In this study, nearly 900 people described an abnormal menstrual cycle after exposure to tear gas – which is legally considered to be “safe” as a crowd control measure
In Portland, Oregon, Black Lives Matter protestors took to the streets for months in 2020. They were in concert with global protests against the murder of George Floyd, by former officer Derek Chauvin. At this moment of reaction to police violence, 15 to 26 million Americans were on the streets in support of Black Lives Matter. Mr Chauvin was recently convicted, a highly rare win for those prosecuting law enforcement officials.
The use of chemical agents on civilians
Portland became a key symbol in the US, with police using tear gas highly regularly to disperse nightly crowds of hundreds. The air remained constantly thick with the chemical agent, as unrest continued. Former President Trump highlighted Portland as a place of concern, praising his armed supporters for heading to the city.
The researchers describe Portland as inundated – sometimes being hit with chemical agents, more than 20 times in one night.
The 1997 Chemical Weapons Convention explicitly allows use for certain law enforcement purposes. Tear gas is indefinitely banned in wars across the globe, but it remains accessible against a civilian population.
Coincidentally since 1997, the US Department of Defense has transferred more than $7.2billion in military equipment to local police. This is done through 1033 programme, which gives excess equipment from the military to police – for a competitively low price.
General Martin E Dempsey, a former chairman of the Joint Chiefs of Staff, wrote on Twitter: “America is not a battleground. Our fellow citizens are not the enemy.”
The story of civil unrest during a viral pandemic is underscored with another, untold story. What could the tear gas, thick in residential neighbourhoods and highly populated areas, do to the human body?
54% report abnormal menstrual cycle
Dr Britta Torgrimson-Ojerio looked to Portland as a living case study, and set out to answer this question. After being exposed to tear gas, hundreds of people were self-describing an instantly, abnormal menstruation, or that their cycle was altered.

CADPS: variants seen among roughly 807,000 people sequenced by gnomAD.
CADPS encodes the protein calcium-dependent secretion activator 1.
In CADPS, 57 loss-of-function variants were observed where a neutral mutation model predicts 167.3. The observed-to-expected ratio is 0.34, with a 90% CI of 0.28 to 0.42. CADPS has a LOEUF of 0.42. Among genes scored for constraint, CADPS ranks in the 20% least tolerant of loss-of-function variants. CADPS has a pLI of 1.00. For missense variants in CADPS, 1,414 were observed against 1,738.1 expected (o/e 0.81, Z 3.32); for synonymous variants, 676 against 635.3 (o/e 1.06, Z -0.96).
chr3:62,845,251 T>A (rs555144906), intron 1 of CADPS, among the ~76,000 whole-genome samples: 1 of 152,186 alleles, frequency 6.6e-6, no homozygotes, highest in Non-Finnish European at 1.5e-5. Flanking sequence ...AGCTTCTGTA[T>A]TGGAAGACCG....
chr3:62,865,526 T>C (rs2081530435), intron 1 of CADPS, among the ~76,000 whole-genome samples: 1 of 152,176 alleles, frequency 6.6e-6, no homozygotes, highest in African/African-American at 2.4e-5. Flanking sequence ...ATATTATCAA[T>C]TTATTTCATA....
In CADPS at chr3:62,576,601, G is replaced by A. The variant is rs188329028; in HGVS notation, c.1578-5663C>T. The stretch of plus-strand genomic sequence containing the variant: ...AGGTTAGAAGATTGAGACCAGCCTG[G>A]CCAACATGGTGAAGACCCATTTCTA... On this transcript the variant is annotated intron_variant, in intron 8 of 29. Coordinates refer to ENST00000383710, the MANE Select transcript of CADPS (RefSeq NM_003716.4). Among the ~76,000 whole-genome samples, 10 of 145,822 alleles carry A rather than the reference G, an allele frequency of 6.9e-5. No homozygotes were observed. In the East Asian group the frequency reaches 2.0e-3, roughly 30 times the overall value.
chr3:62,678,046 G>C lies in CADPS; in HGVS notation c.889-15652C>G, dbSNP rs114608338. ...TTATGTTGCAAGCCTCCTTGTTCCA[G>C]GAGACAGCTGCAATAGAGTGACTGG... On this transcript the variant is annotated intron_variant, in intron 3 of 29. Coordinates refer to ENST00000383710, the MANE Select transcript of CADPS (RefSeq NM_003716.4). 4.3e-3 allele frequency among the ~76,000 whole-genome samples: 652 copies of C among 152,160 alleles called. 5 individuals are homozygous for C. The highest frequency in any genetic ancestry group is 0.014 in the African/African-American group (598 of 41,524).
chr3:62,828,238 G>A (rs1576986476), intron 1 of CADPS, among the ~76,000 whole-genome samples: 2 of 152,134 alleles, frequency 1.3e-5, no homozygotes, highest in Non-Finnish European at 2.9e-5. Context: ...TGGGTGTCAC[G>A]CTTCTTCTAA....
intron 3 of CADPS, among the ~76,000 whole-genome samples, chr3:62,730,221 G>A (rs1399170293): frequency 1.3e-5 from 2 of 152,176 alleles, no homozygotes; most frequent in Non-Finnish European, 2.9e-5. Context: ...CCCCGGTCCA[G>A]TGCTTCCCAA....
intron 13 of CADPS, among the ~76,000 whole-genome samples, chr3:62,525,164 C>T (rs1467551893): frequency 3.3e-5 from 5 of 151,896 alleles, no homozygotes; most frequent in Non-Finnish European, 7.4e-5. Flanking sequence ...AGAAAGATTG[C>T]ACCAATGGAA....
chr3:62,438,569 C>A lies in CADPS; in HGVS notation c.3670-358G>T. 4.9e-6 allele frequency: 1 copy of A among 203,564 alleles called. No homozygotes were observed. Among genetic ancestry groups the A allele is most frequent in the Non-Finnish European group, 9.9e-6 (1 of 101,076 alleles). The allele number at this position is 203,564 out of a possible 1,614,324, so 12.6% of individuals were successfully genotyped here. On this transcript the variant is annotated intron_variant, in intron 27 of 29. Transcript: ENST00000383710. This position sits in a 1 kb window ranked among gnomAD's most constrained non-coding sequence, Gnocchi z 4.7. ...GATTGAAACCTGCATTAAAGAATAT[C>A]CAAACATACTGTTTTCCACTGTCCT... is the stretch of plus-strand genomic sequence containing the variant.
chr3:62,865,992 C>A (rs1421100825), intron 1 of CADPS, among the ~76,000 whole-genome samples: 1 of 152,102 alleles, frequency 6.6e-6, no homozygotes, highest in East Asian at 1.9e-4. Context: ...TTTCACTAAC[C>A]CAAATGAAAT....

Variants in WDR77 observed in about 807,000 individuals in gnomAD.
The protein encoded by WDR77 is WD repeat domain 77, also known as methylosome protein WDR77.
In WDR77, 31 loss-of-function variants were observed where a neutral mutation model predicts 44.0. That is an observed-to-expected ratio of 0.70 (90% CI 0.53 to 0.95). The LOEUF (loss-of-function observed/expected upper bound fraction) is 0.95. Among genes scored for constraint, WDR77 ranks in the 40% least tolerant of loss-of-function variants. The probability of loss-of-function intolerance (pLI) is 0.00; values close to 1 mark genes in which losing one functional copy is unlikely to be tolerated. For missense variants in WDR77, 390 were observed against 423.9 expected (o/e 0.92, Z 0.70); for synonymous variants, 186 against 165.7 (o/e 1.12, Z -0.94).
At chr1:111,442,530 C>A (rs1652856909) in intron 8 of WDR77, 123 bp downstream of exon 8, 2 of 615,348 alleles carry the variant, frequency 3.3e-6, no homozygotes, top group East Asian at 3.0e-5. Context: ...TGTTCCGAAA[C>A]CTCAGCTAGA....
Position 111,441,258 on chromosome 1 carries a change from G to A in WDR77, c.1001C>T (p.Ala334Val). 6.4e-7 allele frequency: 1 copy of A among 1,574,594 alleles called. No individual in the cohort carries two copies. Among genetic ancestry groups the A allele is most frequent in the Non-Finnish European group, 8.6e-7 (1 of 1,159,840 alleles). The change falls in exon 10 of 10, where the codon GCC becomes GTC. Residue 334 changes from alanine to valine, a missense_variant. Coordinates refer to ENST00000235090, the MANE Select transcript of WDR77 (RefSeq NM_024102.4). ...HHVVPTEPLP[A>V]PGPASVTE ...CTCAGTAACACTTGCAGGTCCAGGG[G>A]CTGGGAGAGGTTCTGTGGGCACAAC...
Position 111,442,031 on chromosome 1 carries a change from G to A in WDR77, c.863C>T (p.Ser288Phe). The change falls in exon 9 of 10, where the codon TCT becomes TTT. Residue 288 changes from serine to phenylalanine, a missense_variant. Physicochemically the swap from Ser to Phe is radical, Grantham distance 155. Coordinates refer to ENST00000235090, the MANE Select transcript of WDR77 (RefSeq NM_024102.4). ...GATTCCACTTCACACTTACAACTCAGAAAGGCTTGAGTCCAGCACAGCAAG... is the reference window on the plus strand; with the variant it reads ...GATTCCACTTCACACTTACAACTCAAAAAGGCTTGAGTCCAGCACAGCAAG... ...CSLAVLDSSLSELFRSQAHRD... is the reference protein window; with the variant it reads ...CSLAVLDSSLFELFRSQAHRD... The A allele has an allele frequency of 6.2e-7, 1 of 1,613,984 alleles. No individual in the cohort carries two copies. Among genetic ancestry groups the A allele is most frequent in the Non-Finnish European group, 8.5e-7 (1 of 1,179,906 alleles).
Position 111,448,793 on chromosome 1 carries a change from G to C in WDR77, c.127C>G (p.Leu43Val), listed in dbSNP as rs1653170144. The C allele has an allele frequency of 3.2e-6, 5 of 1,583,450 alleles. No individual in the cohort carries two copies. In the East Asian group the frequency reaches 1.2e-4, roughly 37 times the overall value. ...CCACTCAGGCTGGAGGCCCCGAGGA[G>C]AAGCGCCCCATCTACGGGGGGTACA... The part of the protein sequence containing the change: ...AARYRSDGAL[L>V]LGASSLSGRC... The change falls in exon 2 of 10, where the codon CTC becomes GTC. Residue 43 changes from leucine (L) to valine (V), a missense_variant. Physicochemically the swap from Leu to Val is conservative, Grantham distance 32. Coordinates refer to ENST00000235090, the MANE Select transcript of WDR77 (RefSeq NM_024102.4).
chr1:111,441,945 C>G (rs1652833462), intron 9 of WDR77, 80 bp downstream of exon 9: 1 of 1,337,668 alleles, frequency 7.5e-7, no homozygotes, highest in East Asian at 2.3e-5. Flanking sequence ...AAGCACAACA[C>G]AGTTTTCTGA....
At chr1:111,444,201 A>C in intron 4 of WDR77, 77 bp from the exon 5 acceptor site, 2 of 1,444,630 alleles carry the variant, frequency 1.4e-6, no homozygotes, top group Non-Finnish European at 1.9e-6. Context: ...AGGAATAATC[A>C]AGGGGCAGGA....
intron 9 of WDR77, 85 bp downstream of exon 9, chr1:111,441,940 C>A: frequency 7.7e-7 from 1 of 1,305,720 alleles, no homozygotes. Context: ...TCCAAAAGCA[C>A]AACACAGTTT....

The team found that over 54% of the survey participants experienced abnormal menstrual cycles after exposure to tear gas. This meant menstrual cycle timings were completely changed, menses lasted longer or became heavier than normal.
A new observation found in this study is that spontaneous bleeding and chest tenderness was also described as a response to chemical agents. If this result is consistent, it could mean that tear gas can have endocrine effects.
The endocrine system is the collection of glands that produce hormones that regulate metabolism, growth and development, tissue function, sexual function, reproduction, sleep, and mood.
A quiet risk to future reproductive and public health?
Dr Torgrimson-Ojerio looks to what this means for long-term health in people who have been highly exposed to tear gas. She directs that the medical community keeps their eyes open for the potential impact of chemical agents on pregnancy, new-born children, and those with chronic diseases.
She explained: “Based on the menstrual health data presented here, is essential to determine if these agents can act as endocrine disruptors with the potential to impact reproductive health.”
When it comes to the reason why so many millions protested, racism can be considered a systemic public health crisis. Structural racism, in a separate study, has been intrinsically linked to worsening outcomes in the quiet battle that rages on against HIV. And the outcome of the Derek Chauvin trial has been intrinsically linked to the level of activism by BLM supporters throughout the last year.
In light of this racial element, Dr Torgrimson-Ojerio further commented: “Finally, the social injustice that prompted the 2020 Portland, OR protests—systemic racism and police brutality—and the violent interactions between protesters and law enforcement are factors that could contribute to immediate or sustained, novel mental health impacts in communities, which should be further explored.”